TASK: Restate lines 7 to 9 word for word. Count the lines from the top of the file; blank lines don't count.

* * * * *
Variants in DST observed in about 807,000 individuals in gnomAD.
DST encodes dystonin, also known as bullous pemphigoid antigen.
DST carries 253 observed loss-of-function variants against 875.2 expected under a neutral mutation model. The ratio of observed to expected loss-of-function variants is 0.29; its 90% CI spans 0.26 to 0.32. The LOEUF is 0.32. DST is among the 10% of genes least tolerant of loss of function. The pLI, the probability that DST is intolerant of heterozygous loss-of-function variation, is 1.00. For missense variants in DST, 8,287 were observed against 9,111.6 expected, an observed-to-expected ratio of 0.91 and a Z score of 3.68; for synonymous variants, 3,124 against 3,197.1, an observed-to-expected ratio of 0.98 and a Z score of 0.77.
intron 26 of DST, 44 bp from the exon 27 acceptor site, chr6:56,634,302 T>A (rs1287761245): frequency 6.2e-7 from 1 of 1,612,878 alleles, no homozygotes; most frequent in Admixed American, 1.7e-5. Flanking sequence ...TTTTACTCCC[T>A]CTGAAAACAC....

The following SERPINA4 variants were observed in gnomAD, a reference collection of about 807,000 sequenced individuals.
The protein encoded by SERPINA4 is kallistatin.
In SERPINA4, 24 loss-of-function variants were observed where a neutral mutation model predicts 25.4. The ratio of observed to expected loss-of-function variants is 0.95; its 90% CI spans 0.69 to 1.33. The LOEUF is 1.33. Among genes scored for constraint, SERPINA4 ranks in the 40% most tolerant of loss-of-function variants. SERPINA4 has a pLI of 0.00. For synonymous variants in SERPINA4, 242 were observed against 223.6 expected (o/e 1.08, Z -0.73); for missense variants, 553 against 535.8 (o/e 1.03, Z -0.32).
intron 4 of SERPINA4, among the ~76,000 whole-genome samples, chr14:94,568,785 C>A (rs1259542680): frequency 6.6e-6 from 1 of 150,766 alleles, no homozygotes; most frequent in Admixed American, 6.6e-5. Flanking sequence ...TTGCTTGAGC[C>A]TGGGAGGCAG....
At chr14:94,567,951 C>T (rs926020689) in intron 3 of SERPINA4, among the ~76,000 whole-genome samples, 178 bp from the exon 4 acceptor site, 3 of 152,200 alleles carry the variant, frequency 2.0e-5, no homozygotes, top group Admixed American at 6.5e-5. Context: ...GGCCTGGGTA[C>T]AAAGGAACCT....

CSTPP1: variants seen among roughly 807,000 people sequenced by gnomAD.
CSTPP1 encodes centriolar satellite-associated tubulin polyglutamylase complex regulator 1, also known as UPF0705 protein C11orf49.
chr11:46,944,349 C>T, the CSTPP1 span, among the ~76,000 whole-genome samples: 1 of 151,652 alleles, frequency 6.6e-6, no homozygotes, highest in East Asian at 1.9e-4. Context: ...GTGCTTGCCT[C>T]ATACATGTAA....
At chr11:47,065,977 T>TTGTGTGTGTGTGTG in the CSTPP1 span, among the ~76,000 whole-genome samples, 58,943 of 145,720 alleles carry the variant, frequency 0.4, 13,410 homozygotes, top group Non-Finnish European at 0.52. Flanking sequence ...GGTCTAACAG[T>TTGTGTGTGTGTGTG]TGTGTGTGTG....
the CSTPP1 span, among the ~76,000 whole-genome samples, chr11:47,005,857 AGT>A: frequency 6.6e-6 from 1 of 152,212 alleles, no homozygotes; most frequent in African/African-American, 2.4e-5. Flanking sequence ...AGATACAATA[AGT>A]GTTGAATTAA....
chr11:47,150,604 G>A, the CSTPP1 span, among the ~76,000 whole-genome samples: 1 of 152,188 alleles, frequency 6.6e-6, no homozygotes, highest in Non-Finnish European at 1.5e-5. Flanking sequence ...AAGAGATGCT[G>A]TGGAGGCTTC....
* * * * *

In SERPINA4, 24 loss-of-function variants were observed where a neutral mutation model predicts 25.4. The ratio of observed to expected loss-of-function variants is 0.95; its 90% CI spans 0.69 to 1.33. The LOEUF is 1.33. Among genes scored for constraint, SERPINA4 ranks in the 40% most tolerant of loss-of-function variants. SERPINA4 has a pLI of 0.00. For synonymous variants in SERPINA4, 242 were observed against 223.6 expected (o/e 1.08, Z -0.73); for missense variants, 553 against 535.8 (o/e 1.03, Z -0.32).
intron 4 of SERPINA4, among the ~76,000 whole-genome samples, chr14:94,568,785 C>A (rs1259542680): frequency 6.6e-6 from 1 of 150,766 alleles, no homozygotes; most frequent in Admixed American, 6.6e-5. Flanking sequence ...TTGCTTGAGC[C>A]TGGGAGGCAG....
At chr14:94,567,951 C>T (rs926020689) in intron 3 of SERPINA4, among the ~76,000 whole-genome samples, 178 bp from the exon 4 acceptor site, 3 of 152,200 alleles carry the variant, frequency 2.0e-5, no homozygotes, top group Admixed American at 6.5e-5. Context: ...GGCCTGGGTA[C>T]AAAGGAACCT....